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Reprinted from AVC. Original article here.
By Fred Wilson, a VC and principal of Union Square Ventures, and Susan Loh.
When I introduced this series on People, I stated that it was going to have a bunch of guest posts because there are many people who know a lot more about the people side of business than I do. One of them is Susan Loh who is Head of Talent at Foursquare.
I asked Susan to write a guest post explaining how they manage both recruiting and HR at Foursquare. And she has done just that.
Foursquare’s approach to Recruiting & HR
In Fred’s previous post, he described the importance of having a tight relationship between culture and hiring. I agree 100%, which is why I’ve always struggled with HR and recruiting being separate teams. At my previous companies, Google and Yelp, there was always a swift hand-off from recruiting to HR on the new hire’s first day. It made life easy for each party, but was it the best for the employees? For this post, I’ll describe the challenges I experienced with having split teams and how I’m trying something different at foursquare.
Recruiting vs HR
As a recruiter, the most important part of the job is to close offers. This often means setting high expectations for how wonderful the new opportunity will be. Whatever it takes – always be closing. But what if we over-promised? At previous companies, it was tough to keep tabs on my new hires because I was so focused on the next set of recruits. Sometimes I didn’t know what team they landed on. Often, I didn’t know if they were happy and engaged. There was no feedback loop for me to know that what I was selling to my candidates was actually true. This is risky and has potential to cause serious turnover.
On the flip side, as an HR manager, your ultimate goal is to retain great talent. You build compensation structures, learning & development programs, performance management systems, and rewards programs to help you achieve this goal. But to succeed, you have to gather feedback from employees and know what they need. You have to be accessible and provide a safe haven for employees to come vent to you. You have to have a pulse on the entire organization.
But in reality, think about how often the average employee interacts with HR. Based on my experience, I only saw HR on my first day and on my last day. If I had a question, I emailed a ticketing system and they got back to me a couple days later. There is no feedback channel or safe haven. For so many reasons that could warrant a separate post, traditional HR departments have a tendency to be pushed to the side, disconnected from the organization, and as a result, ineffective at having a positive impact. And this is a huge bummer because every HR manager I’ve met wants to do so much more.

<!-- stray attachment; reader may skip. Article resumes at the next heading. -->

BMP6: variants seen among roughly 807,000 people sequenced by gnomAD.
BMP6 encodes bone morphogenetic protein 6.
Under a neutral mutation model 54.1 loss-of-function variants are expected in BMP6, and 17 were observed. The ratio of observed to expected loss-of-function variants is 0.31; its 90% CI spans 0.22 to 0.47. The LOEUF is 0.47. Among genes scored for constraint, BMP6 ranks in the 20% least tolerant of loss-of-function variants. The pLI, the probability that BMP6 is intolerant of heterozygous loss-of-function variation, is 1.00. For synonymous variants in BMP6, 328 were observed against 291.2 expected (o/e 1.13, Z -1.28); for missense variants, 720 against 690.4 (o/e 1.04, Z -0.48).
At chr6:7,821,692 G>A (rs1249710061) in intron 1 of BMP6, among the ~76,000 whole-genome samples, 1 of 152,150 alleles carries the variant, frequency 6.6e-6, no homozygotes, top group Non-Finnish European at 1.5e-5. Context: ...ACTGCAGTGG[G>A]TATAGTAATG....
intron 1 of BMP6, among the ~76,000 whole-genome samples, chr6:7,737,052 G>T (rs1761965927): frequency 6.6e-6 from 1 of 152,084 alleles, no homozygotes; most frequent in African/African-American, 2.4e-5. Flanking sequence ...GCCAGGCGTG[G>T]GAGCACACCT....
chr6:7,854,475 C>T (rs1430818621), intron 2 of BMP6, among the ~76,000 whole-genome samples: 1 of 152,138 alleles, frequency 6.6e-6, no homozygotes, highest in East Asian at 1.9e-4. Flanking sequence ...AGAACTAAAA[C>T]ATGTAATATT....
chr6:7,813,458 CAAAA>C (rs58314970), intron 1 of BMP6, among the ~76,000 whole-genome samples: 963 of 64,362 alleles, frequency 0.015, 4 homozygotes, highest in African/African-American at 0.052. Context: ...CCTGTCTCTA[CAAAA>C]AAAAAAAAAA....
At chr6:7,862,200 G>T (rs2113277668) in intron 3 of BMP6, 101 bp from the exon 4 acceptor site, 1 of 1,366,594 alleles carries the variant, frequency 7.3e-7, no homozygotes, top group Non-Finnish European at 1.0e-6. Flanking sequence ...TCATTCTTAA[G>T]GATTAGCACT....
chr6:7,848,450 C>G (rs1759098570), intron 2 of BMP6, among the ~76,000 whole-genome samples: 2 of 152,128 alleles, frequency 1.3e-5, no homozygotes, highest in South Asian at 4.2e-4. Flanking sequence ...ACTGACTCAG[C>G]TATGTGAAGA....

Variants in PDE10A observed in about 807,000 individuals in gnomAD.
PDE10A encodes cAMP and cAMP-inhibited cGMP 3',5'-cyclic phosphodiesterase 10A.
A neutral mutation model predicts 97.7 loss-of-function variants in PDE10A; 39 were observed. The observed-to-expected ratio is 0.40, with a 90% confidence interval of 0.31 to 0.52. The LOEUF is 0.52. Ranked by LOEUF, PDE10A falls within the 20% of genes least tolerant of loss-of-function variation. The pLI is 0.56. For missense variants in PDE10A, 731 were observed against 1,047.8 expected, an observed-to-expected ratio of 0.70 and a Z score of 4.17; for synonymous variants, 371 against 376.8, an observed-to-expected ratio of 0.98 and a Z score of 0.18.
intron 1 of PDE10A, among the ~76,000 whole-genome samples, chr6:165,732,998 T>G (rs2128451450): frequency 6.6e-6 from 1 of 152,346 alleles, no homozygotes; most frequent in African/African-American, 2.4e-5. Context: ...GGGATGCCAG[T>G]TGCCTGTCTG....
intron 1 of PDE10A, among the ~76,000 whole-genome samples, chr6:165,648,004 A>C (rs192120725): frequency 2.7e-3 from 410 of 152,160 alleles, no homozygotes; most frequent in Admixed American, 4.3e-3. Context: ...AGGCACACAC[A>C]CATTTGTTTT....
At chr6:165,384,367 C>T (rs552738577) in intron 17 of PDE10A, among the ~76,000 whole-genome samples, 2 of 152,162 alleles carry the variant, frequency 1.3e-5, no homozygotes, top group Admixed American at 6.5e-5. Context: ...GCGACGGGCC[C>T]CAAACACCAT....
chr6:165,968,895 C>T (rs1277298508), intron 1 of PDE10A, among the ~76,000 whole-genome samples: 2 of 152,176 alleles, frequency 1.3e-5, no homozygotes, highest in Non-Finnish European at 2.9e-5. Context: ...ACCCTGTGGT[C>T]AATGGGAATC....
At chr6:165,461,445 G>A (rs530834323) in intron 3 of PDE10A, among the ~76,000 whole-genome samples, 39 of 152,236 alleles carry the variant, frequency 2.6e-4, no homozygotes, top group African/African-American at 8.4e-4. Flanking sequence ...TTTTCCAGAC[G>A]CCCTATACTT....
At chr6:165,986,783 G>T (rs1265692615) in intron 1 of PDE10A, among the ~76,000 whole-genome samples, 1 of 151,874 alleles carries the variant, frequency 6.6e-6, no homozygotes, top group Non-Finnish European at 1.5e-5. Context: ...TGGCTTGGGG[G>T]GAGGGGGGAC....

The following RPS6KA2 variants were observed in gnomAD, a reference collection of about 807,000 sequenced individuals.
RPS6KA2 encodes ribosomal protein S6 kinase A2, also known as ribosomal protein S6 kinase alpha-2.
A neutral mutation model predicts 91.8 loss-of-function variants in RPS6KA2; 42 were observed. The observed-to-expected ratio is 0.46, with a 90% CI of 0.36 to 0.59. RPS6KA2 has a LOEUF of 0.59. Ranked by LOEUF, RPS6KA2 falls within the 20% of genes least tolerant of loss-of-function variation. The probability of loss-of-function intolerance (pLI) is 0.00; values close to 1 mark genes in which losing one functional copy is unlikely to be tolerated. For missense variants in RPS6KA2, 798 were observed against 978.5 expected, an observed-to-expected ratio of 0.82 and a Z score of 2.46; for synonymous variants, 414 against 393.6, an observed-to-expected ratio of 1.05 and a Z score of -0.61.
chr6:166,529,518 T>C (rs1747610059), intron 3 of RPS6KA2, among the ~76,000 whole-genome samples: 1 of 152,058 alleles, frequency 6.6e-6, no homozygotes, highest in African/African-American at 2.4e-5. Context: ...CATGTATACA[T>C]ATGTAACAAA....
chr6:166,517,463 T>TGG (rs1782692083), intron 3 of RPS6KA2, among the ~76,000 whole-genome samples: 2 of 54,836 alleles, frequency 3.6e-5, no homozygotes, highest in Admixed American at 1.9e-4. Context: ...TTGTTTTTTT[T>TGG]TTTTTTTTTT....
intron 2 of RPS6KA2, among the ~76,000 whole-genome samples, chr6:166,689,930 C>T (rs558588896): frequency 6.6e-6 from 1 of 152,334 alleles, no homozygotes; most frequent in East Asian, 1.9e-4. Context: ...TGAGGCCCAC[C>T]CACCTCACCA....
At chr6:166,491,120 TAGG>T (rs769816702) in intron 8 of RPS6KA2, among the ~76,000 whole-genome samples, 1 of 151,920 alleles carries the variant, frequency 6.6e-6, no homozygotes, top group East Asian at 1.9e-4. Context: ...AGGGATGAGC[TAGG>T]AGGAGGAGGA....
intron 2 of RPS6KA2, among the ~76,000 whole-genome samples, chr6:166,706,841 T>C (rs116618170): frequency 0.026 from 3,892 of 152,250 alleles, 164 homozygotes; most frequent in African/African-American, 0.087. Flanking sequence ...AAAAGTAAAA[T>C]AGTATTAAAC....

A new approach
When the time came to figure out how to scale HR & Recruiting at foursquare, I felt that I could solve the above issues by merging the two organizations into one unified Talent Team. I view the Talent Team as a full service organization that is with you from the day you apply to the company to the day you leave the company. We are responsible for recruiting, onboarding, training, developing, and retaining great people. Our performance is measured by the performance of the people we hire, not by the sheer number of people we hire.
In practice, this means recruiters need to be so much more than just recruiters. My team meets monthly to find ways to tweak and refine the onboarding experience for new hires. We schedule regular check-ins with each person we hired to see how they are doing and figure out how we can better support their career growth. We come up with innovative programs to develop and motivate employees. We escalate feedback we’re hearing to the executive and management teams. Above all, we provide one trusted point of contact for all candidates and employees to turn to when they need something.